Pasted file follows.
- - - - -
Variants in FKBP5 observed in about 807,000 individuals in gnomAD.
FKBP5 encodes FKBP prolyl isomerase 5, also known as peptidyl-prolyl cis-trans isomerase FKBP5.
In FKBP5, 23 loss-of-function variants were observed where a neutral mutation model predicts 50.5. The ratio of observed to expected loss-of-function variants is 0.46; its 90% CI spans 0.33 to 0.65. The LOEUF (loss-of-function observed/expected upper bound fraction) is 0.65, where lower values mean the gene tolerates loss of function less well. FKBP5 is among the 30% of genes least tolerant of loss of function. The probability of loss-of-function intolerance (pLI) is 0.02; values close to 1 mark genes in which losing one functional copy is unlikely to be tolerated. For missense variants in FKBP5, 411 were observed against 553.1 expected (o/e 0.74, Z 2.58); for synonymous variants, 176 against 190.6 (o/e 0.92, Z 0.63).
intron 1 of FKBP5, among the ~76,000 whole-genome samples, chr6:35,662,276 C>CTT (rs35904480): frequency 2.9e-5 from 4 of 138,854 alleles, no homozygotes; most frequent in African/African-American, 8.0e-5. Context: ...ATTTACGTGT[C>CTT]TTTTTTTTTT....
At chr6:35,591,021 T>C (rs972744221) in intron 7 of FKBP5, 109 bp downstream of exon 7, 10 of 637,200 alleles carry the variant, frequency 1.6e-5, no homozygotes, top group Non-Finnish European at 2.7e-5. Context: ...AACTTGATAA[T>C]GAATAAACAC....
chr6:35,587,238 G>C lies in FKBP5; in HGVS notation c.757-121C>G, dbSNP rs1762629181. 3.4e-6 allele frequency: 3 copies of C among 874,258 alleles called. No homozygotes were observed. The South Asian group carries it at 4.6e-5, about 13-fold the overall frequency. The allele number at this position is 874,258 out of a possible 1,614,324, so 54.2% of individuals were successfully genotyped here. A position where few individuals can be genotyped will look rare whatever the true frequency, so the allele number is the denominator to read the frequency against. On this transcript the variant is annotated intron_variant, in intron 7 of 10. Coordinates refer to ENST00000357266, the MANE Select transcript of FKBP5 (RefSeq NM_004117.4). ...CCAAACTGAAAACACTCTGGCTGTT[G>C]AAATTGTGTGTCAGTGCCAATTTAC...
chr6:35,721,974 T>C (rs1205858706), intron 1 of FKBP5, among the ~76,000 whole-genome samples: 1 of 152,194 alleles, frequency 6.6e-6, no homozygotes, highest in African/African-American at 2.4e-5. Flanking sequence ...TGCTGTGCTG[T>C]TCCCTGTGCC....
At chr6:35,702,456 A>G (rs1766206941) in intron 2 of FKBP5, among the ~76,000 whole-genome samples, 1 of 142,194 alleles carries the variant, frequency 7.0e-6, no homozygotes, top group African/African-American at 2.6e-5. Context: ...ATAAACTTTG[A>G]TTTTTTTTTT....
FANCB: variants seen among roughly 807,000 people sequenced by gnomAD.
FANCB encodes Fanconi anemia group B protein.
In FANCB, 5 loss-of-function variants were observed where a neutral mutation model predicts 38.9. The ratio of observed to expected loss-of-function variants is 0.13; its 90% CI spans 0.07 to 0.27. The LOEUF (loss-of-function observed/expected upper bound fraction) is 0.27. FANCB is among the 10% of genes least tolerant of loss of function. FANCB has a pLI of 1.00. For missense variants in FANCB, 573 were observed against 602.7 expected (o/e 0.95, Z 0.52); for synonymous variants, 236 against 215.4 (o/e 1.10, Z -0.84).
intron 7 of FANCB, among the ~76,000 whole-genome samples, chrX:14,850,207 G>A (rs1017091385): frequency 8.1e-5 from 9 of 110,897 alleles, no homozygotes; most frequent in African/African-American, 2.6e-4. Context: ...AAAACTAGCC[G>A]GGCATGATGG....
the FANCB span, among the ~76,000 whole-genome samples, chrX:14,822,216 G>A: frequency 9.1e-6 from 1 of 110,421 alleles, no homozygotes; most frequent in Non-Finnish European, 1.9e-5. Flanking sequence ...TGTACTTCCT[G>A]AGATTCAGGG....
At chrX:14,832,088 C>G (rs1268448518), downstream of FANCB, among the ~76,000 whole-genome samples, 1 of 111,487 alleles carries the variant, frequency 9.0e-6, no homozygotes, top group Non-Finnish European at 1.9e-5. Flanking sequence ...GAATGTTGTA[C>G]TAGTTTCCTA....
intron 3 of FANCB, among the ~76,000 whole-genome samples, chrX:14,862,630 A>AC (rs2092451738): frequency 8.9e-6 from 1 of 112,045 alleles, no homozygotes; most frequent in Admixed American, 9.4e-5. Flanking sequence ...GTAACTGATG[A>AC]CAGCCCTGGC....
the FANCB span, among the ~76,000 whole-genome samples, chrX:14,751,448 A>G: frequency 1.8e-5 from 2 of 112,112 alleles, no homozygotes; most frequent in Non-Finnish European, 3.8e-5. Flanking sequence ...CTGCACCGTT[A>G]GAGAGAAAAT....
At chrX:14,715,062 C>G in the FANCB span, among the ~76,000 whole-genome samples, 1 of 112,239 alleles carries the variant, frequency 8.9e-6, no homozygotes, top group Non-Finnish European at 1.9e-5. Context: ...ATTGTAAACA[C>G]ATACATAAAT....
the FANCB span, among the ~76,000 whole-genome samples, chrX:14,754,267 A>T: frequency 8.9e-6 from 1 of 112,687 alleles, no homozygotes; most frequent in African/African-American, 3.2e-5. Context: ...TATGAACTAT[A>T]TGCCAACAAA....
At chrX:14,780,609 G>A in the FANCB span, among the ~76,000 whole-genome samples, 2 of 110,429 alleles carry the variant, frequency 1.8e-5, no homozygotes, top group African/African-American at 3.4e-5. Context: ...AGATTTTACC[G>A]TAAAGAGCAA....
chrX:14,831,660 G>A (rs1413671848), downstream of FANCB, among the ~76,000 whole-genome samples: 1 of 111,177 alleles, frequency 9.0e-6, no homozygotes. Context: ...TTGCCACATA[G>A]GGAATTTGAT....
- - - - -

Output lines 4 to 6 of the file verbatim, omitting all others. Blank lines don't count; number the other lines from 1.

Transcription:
intron 1 of FKBP5, among the ~76,000 whole-genome samples, chr6:35,662,276 C>CTT (rs35904480): frequency 2.9e-5 from 4 of 138,854 alleles, no homozygotes; most frequent in African/African-American, 8.0e-5. Context: ...ATTTACGTGT[C>CTT]TTTTTTTTTT....
At chr6:35,591,021 T>C (rs972744221) in intron 7 of FKBP5, 109 bp downstream of exon 7, 10 of 637,200 alleles carry the variant, frequency 1.6e-5, no homozygotes, top group Non-Finnish European at 2.7e-5. Context: ...AACTTGATAA[T>C]GAATAAACAC....
chr6:35,587,238 G>C lies in FKBP5; in HGVS notation c.757-121C>G, dbSNP rs1762629181. 3.4e-6 allele frequency: 3 copies of C among 874,258 alleles called. No homozygotes were observed. The South Asian group carries it at 4.6e-5, about 13-fold the overall frequency. The allele number at this position is 874,258 out of a possible 1,614,324, so 54.2% of individuals were successfully genotyped here. A position where few individuals can be genotyped will look rare whatever the true frequency, so the allele number is the denominator to read the frequency against. On this transcript the variant is annotated intron_variant, in intron 7 of 10. Coordinates refer to ENST00000357266, the MANE Select transcript of FKBP5 (RefSeq NM_004117.4). ...CCAAACTGAAAACACTCTGGCTGTT[G>C]AAATTGTGTGTCAGTGCCAATTTAC...